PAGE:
It’s not often that a performance makes us want to get up and dance, but when the Breakdancing Shakespeare apprentices of Neighborhood Studios are on stage, it’s hard to resist the urge to do arm waves and hand glides. The talented cohort of fifteen teenagers across the Greater Hartford region combine breakdancing and acting for a unique performance based on Shakespeare’s Love’s Labour’s Lost. There’s something to be said about the passion, confidence, and support these apprentices show for each other, and the communal art form of breakdancing may have something to do with it. We sat down with master teaching artist, Nina Pinchin of Hartford Stage to get the scoop on the popular program.
Mark your calendar for their showcase at the University of Saint Joseph between August 11 – 13. You won’t want to miss this inspiring performance!
What are the goals for Breakdancing Shakespeare this summer?
We set out to tell a difficult story well, to create a diverse ensemble of talented young people, and to find the “funny” in the text and the “WOW” in the dance!
What’s an average day like at the studio?
Apprentices usually dance in the morning and have a rehearsal including text in the afternoon. Each week also includes master classes – this summer master classes included: Commedia Del’Arte (classical Italian style of street theater), Voice, Mask, and Popping/Locking.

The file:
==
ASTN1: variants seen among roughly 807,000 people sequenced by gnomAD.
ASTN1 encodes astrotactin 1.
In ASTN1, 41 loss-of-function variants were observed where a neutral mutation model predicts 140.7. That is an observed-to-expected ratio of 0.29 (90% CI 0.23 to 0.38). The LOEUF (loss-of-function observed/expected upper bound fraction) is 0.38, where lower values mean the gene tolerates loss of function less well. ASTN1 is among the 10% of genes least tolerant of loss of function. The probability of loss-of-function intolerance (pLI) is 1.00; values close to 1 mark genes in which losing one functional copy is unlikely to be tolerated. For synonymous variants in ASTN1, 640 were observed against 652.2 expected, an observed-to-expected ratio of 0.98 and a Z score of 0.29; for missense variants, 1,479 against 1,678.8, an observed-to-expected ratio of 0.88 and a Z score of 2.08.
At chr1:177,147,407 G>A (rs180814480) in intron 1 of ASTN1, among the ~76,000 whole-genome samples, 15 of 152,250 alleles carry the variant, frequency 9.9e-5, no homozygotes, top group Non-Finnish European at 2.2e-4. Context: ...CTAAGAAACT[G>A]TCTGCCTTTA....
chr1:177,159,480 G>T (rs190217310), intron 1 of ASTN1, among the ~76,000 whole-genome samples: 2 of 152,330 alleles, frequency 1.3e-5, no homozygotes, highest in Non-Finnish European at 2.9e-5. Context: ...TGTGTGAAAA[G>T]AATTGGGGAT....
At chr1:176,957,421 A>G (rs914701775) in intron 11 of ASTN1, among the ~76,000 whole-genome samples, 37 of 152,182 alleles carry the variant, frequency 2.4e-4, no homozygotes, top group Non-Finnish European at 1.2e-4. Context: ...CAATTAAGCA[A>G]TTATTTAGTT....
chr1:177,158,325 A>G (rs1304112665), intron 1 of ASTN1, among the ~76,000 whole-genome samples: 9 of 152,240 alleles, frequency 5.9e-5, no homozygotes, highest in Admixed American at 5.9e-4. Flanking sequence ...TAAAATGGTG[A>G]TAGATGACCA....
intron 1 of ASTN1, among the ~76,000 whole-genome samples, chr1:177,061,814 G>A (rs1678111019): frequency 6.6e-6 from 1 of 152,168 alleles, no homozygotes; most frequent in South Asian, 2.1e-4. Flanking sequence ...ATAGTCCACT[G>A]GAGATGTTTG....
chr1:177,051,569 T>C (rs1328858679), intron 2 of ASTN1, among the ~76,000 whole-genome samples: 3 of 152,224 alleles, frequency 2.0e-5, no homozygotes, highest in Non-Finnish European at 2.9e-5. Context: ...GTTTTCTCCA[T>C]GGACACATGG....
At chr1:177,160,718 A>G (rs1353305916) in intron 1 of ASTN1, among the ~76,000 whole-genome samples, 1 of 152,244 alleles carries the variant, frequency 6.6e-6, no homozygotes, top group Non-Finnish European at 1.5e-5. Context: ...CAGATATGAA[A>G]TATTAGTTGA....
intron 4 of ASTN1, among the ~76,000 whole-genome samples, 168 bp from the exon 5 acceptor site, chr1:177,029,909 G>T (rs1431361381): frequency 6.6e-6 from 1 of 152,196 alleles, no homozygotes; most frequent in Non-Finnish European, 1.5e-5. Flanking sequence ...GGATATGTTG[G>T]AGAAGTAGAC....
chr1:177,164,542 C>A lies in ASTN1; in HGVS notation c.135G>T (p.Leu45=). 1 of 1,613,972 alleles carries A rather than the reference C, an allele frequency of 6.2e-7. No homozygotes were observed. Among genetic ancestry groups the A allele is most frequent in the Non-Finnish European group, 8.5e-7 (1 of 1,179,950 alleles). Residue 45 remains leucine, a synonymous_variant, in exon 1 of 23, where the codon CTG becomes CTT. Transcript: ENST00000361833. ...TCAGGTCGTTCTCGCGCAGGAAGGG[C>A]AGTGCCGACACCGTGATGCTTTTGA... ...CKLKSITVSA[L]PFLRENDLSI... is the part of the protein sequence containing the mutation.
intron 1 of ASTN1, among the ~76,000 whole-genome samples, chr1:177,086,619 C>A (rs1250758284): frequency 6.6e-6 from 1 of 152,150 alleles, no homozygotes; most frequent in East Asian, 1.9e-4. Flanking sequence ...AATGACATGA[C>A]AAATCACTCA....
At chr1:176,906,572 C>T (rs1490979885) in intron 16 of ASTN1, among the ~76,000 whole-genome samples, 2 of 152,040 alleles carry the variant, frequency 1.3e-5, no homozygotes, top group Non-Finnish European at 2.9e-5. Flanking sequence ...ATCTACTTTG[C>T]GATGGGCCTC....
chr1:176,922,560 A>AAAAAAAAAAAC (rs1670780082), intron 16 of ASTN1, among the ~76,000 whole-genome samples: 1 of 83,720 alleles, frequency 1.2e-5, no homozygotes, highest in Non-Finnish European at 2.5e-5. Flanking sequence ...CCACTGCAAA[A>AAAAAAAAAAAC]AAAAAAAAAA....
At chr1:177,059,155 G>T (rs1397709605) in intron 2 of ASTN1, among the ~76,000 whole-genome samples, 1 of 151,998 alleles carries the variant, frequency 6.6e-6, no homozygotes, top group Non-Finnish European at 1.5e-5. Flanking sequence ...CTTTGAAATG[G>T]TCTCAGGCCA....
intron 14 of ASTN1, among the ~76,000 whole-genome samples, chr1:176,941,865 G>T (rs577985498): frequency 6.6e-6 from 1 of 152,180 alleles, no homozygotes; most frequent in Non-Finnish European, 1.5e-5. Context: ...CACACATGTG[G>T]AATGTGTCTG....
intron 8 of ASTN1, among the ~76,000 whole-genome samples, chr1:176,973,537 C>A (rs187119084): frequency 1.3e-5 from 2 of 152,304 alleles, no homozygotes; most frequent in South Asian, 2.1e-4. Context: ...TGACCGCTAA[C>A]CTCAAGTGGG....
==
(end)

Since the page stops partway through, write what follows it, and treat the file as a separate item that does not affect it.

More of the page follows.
What about working with students in the Greater Hartford region inspires you?
I am always impressed not only by the talent of the young people this program brings in. But also by their ability to connect, their professionalism, and their ownership over the work they do. Some of the most collaborative artistic colleagues I have worked with in my career have come through this apprenticeship program.
How do you see the exploration of an artistic discipline as well as career skills impacting the way these students might look towards the future?
Through the years of participating in this program we have heard over and over again that it was a key element in inspiring young people to reach higher and dream bigger. Many former apprentices mention the work they did with the Neighborhood Studios program as important in their journey to college and beyond.
What did past students take away from the program and how does that experience differ from a traditional art class?
The intensive summers working towards a production for six weeks creates friendships and a lasting artistic community diverse in age, geography, heritage, and types of talent. The bonds apprentices create over each summer with Neighborhood Studios serve them well for years to come.